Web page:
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3D Printing

Esther Rhodes
Organization: Georgetown-Ridge Farm High School

International Mathematica User Conference 2008
Conference location

Champaign, IL

This project was developed for a class in nanotechnology. The project's purpose was to display two principles--building items that you could not see and what volume under the curve in calculus really represented. This program uses Mathematica. It allows the student to enter in two polynomial functions where the degree of the polynomial function is not larger than the 3rd power. The screen will then show a representation in both 2- and 3-dimensions. Using a slider on the picture, another view shows the volume as it would appear if one was to build the figure from the bottom up. This view can be made into a slide show to build a 3D object that represents this volume.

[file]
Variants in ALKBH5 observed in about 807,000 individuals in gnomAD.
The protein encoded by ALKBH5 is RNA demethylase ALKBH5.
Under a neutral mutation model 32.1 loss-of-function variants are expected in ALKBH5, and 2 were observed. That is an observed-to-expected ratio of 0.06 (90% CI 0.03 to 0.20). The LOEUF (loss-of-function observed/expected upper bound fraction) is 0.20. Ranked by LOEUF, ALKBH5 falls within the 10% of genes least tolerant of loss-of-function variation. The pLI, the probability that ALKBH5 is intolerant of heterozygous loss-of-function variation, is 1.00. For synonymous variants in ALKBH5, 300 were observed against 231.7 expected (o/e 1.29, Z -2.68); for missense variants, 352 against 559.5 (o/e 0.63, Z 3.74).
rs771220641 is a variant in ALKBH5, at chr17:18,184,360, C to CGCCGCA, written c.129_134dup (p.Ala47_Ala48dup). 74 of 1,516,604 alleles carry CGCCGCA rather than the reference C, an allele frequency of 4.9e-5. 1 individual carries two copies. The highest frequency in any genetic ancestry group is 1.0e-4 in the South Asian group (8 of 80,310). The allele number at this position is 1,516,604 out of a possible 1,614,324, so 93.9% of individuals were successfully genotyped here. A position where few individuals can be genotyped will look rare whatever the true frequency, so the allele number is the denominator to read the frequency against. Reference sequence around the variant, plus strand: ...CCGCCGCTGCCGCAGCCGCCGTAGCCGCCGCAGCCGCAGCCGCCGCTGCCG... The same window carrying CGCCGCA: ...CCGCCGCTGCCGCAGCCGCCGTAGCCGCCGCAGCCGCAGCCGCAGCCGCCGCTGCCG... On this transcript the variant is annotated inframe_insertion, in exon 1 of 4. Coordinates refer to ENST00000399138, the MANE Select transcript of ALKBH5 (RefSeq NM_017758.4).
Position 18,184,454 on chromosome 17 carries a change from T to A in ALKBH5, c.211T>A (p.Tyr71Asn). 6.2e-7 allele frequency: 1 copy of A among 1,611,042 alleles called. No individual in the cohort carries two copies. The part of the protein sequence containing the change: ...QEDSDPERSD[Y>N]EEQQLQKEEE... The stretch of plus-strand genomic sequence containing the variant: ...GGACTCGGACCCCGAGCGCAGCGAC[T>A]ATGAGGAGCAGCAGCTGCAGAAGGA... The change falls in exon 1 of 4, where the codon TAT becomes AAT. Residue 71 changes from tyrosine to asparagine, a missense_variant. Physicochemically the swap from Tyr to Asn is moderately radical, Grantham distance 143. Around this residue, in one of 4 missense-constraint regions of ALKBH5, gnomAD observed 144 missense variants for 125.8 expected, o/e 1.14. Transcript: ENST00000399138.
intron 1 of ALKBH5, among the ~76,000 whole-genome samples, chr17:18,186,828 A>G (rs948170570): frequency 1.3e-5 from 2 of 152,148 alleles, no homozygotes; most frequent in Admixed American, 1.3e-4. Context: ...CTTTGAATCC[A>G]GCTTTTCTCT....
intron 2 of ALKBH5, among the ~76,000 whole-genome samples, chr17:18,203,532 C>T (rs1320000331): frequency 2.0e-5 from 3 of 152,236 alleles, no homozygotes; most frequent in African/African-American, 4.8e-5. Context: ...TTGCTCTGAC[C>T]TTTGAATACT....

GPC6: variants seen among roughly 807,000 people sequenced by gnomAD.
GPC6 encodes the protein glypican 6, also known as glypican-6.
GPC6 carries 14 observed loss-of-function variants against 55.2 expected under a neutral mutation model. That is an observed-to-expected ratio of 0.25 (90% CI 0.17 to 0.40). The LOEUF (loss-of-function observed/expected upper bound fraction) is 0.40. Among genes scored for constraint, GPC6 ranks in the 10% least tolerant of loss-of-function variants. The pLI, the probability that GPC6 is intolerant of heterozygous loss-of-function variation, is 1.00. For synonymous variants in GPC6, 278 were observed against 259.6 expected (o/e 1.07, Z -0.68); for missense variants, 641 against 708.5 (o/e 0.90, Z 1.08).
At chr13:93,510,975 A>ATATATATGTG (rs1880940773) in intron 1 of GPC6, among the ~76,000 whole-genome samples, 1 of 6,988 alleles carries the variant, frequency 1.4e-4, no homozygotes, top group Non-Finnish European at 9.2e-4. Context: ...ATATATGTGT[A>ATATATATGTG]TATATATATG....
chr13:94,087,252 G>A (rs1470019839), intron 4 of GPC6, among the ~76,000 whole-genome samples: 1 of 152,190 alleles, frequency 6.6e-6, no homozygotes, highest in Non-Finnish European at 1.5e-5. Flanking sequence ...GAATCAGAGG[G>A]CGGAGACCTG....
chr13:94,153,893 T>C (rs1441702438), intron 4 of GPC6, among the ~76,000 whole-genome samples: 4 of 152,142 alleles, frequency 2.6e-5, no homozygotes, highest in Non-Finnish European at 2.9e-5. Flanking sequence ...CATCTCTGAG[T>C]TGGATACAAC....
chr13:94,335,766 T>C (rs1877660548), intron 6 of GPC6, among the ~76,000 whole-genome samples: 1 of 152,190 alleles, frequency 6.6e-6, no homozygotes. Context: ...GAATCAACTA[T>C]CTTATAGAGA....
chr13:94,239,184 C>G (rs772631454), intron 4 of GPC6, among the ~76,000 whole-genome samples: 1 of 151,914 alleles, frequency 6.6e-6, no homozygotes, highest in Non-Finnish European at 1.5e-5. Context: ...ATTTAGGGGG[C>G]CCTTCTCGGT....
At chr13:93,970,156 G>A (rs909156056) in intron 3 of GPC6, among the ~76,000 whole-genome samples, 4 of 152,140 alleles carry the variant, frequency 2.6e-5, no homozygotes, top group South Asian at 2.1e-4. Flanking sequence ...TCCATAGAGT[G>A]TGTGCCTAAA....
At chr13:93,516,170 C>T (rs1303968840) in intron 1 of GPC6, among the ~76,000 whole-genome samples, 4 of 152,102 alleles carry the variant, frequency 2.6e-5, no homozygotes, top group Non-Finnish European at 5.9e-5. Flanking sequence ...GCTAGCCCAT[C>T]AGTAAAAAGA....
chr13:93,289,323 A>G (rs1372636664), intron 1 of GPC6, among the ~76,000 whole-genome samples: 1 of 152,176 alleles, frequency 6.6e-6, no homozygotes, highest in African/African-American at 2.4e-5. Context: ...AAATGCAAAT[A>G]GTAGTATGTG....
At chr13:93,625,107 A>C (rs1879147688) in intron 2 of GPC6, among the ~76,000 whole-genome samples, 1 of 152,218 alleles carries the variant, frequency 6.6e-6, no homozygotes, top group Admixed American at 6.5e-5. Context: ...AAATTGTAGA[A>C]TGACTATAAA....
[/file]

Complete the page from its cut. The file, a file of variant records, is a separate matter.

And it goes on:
Using the slide show feature on your computer, a data projector, a magnifying glass, and a purchased or homemade elevator to move a container of photosensitive liquid up and down, you can make a 3D printer to get a 3-dimensional prototype of the volume (the area under the curve that is rotated around the y-axis). This prototype will be small enough to fit on a quarter and the cost for everything should fit into even a small school's budget.

Part of the program can be used by any group of students that are learning about graphing linear or quadratic equations. It is easy to see how changing the y-intercept and slope affects a linear equation and also how the coefficient of the squared term in a quadratic changes the width of a parabola.


*Mathematica Technology
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3DPrinting_Abstract.nb (251.5 KB) - Mathematica Notebook
3DPrinting_Demo.nb (2 MB) - Mathematica Notebook
3DPrinting_Presentation.ppt (4.5 MB) - Microsoft Powerpoint document